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In this wiki you can find guides, information and configuration examples for configuring your PBX, Device or Softphone.
Please note that this is a work in progress and continuously evolving.
We encourage users from the community to collaborate along with VoIP.ms staff to add guides, information and other articles pertinent to the service and products.
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An acronym for Private Branch eXchange. PBX telephone systems support incoming calls from the outside PSTN, placing calls between users' phones (also known as extensions) and other phones or the outside PSTN, conferencing other users together, recording voicemails and a variety of other advanced telecommunication functions. PBX systems are broadly broken into several categories: traditional (also known as legacy); converged (also known as hybrid) or pure IP, aka IP-PBX.
- Traditional PBX systems usually either don't support IP at all or they support it only with expensive add-on equipment.
- Converged PBX systems support IP and PSTN connections with equal force. It is the most flexible and cost-effective model.
- IP-PBX systems, as the name implies, support only IP connectivity. Any PSTN connectivity must be achieved through external converters, known as Gateways.
If you have a PBX and would like to see some examples on how to configure it, you can check our PBX's article
To be able to place or receive calls using VoIP, you may need a hardware setup that will allow you to use your regular phone (ATA) or a special phone that connects directly to VoIP networks (IP Phone).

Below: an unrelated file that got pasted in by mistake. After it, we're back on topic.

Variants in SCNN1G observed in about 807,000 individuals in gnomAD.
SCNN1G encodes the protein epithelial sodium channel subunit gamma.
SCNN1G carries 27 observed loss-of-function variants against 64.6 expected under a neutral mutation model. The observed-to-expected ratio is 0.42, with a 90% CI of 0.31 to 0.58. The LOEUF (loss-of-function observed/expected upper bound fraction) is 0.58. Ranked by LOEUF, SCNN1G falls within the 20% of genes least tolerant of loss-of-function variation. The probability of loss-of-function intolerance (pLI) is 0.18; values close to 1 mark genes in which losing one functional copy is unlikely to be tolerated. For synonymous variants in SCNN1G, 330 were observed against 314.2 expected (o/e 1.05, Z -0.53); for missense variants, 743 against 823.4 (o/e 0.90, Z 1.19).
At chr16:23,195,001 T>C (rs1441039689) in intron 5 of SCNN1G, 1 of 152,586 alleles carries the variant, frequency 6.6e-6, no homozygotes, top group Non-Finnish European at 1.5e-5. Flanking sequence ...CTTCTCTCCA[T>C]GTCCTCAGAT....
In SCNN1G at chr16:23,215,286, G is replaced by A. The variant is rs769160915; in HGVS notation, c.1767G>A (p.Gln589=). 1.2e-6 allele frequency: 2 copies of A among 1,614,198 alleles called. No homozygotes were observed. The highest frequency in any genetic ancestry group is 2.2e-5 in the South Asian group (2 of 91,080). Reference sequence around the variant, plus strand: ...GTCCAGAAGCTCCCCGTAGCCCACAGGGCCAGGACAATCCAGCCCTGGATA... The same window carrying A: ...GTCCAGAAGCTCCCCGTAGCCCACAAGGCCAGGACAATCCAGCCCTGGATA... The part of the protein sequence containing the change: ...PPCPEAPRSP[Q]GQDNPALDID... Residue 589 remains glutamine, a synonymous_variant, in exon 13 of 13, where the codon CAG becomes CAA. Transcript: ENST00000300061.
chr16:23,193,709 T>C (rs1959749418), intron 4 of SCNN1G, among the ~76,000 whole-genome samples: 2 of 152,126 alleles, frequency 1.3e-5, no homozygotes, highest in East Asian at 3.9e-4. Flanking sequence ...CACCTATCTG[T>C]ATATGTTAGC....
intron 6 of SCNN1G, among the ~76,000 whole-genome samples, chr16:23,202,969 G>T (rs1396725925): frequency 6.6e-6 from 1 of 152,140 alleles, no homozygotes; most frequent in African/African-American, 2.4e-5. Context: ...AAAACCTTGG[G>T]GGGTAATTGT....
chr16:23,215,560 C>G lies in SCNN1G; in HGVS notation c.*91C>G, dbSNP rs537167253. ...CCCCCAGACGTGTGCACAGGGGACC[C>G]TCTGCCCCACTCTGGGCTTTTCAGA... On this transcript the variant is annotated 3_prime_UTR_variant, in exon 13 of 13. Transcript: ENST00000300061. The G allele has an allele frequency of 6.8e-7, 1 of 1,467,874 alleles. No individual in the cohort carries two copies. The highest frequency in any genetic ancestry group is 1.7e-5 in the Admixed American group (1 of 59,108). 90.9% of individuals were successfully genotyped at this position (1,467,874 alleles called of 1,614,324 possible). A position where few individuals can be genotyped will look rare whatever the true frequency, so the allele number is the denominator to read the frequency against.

- ATA: An Analog Telephone Adapter is a device used to connect one or more standard analog telephones to a digital telephone system (such as Voice over IP) or a non-standard telephone system.
- IP Phone: An IP Phone uses voice over IP (VoIP) technologies allowing telephone calls to be made over an IP network such as the Internet instead of the ordinary PSTN system.
If you have a specific device and would like to see some examples on how to configure it, you can check our Devices article
A softphone is a software program for making telephone calls over the Internet using a general purpose computer, rather than using dedicated hardware. Often a softphone is designed to behave like a traditional telephone, sometimes appearing as an image of a phone with a display panel and buttons with which the user can interact. A softphone is usually used with a headset connected to the sound card of the PC.
If you have a Softphone and would like to see examples on how to configure it, you can check our Softphones article